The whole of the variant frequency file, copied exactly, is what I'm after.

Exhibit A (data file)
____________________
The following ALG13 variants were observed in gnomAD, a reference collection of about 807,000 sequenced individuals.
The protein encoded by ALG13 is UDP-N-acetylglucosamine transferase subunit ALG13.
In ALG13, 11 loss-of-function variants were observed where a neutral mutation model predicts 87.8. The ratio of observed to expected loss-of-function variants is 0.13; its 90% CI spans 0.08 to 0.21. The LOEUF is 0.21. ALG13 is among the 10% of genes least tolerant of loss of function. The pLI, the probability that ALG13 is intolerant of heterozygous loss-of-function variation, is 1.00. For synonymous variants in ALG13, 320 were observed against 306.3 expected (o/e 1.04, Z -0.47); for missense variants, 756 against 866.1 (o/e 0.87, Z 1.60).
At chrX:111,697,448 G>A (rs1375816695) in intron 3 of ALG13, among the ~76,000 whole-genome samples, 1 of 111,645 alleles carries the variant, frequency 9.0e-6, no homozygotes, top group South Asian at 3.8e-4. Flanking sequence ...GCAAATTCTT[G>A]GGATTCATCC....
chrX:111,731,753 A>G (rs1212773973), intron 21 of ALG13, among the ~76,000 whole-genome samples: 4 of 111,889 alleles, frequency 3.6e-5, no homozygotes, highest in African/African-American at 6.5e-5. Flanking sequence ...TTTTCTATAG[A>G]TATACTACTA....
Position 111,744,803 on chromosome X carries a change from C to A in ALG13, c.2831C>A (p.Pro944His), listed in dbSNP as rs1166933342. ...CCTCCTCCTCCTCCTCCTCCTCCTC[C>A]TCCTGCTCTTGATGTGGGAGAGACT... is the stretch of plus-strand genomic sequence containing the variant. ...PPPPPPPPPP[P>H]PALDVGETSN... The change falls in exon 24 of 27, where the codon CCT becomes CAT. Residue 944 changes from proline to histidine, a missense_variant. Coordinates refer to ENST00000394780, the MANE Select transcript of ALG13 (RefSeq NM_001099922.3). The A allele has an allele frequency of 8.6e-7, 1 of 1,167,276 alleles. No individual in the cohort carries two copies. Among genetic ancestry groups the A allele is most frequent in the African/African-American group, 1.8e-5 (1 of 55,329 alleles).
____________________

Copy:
The following ALG13 variants were observed in gnomAD, a reference collection of about 807,000 sequenced individuals.
The protein encoded by ALG13 is UDP-N-acetylglucosamine transferase subunit ALG13.
In ALG13, 11 loss-of-function variants were observed where a neutral mutation model predicts 87.8. The ratio of observed to expected loss-of-function variants is 0.13; its 90% CI spans 0.08 to 0.21. The LOEUF is 0.21. ALG13 is among the 10% of genes least tolerant of loss of function. The pLI, the probability that ALG13 is intolerant of heterozygous loss-of-function variation, is 1.00. For synonymous variants in ALG13, 320 were observed against 306.3 expected (o/e 1.04, Z -0.47); for missense variants, 756 against 866.1 (o/e 0.87, Z 1.60).
At chrX:111,697,448 G>A (rs1375816695) in intron 3 of ALG13, among the ~76,000 whole-genome samples, 1 of 111,645 alleles carries the variant, frequency 9.0e-6, no homozygotes, top group South Asian at 3.8e-4. Flanking sequence ...GCAAATTCTT[G>A]GGATTCATCC....
chrX:111,731,753 A>G (rs1212773973), intron 21 of ALG13, among the ~76,000 whole-genome samples: 4 of 111,889 alleles, frequency 3.6e-5, no homozygotes, highest in African/African-American at 6.5e-5. Flanking sequence ...TTTTCTATAG[A>G]TATACTACTA....
Position 111,744,803 on chromosome X carries a change from C to A in ALG13, c.2831C>A (p.Pro944His), listed in dbSNP as rs1166933342. ...CCTCCTCCTCCTCCTCCTCCTCCTC[C>A]TCCTGCTCTTGATGTGGGAGAGACT... is the stretch of plus-strand genomic sequence containing the variant. ...PPPPPPPPPP[P>H]PALDVGETSN... The change falls in exon 24 of 27, where the codon CCT becomes CAT. Residue 944 changes from proline to histidine, a missense_variant. Coordinates refer to ENST00000394780, the MANE Select transcript of ALG13 (RefSeq NM_001099922.3). The A allele has an allele frequency of 8.6e-7, 1 of 1,167,276 alleles. No individual in the cohort carries two copies. Among genetic ancestry groups the A allele is most frequent in the African/African-American group, 1.8e-5 (1 of 55,329 alleles).